How to Stop Someone From Snoring

Why illustrate an article about how to stop someone from snoring with a picture of Charles Atlas? Charles Atlas was not known to snore.


  • Isometric exercise is nothing new.
  • They work.
  • They’re safe.
  • They’re simple.
  • You can do them anywhere.

Charles Atlas was known for his ads in comic books and for building his impressive physique entirely with isometric exercises.

Isometric exercise can work. They’re a simple solution to snoring. It’s physical therapy for snoring.

First, when you’re trying to stop someone from snoring

When trying to stop someone from snoring it’s important to do a mood check on yourself first.

Are you angry?

If you are, don’t talk about it, at least not right then. Wait. Take a deep breath. Take another. You’re probably going to yell at them. You’re going to blame them for your sleepless night(s).

If you start yelling, you’re not going to stop anyone from snoring.

The goal is to be helpful and to actually stop that probably special someone from snoring. You’re not going to be successful if he or she gets defensive.

Snoring is a difficult problem. There’s both an individual part and a group part. There’s a lot of emotion involved too. The snorer needs to breathe. The snorer needs to sleep. You need to sleep.

Anything you say, if you say it in anger, may be taken the wrong way.

Heck, even if you say it without a trace of anger, it may be taken in the wrong way.

Talk about this away from the bedroom.

How many relationships have broken up over snoring? There’s no way to tell because intuition should tell you that it’s a deal-breaker before people get married.

It shouldn’t have to be.

Before we talk about how to stop someone from snoring, it’s a good idea to understand why people snore.

Why do people snore?

People have to keep breathing while they sleep. The sound of snoring is caused by upper airway tissues vibrating as the sleeper inhales and exhales. Zzz! Twenty percent of all adults snore regularly, with another 25 percent snoring occasionally. Some people only start snoring as they grow older.

Snorers don’t necessarily have sleep apnea, though snoring is a symptom of it. What happens in sleep apnea is the tissues at the back of the throat close when the person tries to inhale. Breathing stops before starting again. This can happen hundreds of times during the night. That interrupts sleep.

The tissues swell. That makes the snoring worse.

Why stop someone from snoring?

You can wear earplugs, after all.

Snoring can lead to a number of other problems like a greater incidence of diabetes, broken marriages, cardiac problems, injuries, mental health difficulties, headaches, fetal problems in pregnancy, and weighing too much.

If you’re able to stop someone from snoring, you’re helping them out. Negative consequences can be far-reaching.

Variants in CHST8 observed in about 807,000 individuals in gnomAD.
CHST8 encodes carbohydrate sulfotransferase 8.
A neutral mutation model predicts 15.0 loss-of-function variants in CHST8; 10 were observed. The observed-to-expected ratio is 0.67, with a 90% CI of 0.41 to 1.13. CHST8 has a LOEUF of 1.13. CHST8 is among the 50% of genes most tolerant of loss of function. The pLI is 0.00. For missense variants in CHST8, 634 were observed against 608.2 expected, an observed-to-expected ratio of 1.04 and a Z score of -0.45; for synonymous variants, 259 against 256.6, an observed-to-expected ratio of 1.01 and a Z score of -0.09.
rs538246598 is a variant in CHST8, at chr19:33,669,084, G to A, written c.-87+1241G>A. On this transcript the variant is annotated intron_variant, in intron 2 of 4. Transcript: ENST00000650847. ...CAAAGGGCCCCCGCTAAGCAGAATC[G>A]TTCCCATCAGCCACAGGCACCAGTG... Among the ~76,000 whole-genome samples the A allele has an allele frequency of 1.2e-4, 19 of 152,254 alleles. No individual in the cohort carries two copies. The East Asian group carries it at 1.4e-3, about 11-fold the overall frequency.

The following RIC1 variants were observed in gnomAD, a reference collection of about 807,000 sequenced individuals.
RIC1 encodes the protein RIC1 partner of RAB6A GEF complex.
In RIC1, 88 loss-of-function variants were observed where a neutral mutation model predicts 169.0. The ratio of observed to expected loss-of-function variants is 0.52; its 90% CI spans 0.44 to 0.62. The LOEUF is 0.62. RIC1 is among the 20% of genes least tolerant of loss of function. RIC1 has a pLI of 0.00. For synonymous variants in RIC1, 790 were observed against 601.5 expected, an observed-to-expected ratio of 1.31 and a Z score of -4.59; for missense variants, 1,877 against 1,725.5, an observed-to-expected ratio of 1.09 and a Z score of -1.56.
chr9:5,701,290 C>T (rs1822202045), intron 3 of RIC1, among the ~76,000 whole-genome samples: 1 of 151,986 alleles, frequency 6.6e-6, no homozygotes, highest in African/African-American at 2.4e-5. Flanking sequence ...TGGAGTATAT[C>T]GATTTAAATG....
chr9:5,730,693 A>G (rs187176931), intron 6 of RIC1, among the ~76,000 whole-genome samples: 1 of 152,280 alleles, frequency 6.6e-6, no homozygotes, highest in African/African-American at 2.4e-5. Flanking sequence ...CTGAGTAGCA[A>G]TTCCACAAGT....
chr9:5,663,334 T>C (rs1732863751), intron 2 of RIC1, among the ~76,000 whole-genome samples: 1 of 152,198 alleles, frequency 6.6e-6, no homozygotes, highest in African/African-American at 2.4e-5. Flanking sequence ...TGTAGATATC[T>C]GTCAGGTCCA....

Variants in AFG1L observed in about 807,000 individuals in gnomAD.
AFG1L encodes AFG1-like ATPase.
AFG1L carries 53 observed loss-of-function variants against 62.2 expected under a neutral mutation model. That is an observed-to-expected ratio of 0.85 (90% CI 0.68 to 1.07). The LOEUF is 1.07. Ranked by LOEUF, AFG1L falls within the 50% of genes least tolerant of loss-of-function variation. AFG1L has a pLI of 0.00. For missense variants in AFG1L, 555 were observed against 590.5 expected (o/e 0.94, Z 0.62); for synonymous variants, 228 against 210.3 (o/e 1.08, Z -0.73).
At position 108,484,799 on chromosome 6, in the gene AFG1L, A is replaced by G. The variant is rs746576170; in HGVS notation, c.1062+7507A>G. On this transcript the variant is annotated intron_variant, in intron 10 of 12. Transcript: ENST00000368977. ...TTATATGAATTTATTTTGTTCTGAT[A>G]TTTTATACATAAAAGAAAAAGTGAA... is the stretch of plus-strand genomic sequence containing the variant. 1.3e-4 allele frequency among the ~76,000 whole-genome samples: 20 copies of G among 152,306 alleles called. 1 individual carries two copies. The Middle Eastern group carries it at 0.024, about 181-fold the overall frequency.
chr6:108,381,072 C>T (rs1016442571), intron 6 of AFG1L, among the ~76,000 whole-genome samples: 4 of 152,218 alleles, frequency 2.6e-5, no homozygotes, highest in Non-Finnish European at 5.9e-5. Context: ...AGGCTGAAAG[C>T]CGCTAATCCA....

What to do to stop people from snoring

The solution might as simple as getting them to sleep on their side. Often the throat muscles have become slack and the tongue has fallen back into the throat. Sleeping on the side gets the tongue to fall forward.

The problem is that people can get sore sleeping on one side. They want to shift their position. When that happens, the snoring may resume.

Can their back be propped up on a pillow? Alternating between a 90-degree angle, a 45-degree, and a 20-degree angle may be enough to prevent both snoring and muscular soreness.

Sometimes sleeping on the side isn’t enough. Overweight people carry around extra tissue. That extra tissue flops around when breathing.

The thing that hangs down from the roof of the throat that you see at the back of the mouth is called a uvula. Some people have a larger-than-normal one. Sometimes their tonsils can be too large too. Or they can be suffering the effects of a broken nose or be congested.

Anti-snoring exercises

Anti-snoring exercises aren’t going to help everyone. If performed, they could help a lot of people. Some people are going to end up needing surgery or have to wear an anti-snoring contraption. If the person has extended pauses in their breathing when sleeping they should see a doctor.

The good thing is that if they do work, there’s no equipment to maintain, nothing uncomfortable on the face, no embarrassment. Anti-snoring exercises are actually a lot of fun (at least I think so). You can do them anywhere, anytime.

Canadian natural health expert Bruce Wylde reviews some basic anti-snoring exercises in this video.

Anti-snoring exercises are basically isometric exercises for the tongue. Isometric exercises have a lot of advantages over exercises that require weights. They don’t require any equipment. You can do them any time. When you’re trying to stop someone from snoring, it’s smart to make that the first thing to try.

Some people can’t wrap their minds around the fact that you can build a lot of muscle by playing off one body part against another. Well, you can. Some people like to use equipment. That’s the way it is.

Isometrics work well for the body. Isometric anti-snoring exercises could work well for the muscles in your mouth, including your tongue.

When it comes to stopping someone from snoring, when talking about it, keep it fun. Keep it light. Offer to do the anti-snoring exercises with them. Having a super-strong tongue never hurt anyone anyway.

At the same time, you should be firm. You’re mentioning anti-snoring exercises to help them.

It’s really physical therapy for the mouth. There’s nothing weird about it.

It makes sense to use a complete program, too, for the sake of variety and to have a comprehensive approach to mouth, tongue and soft palate fitness.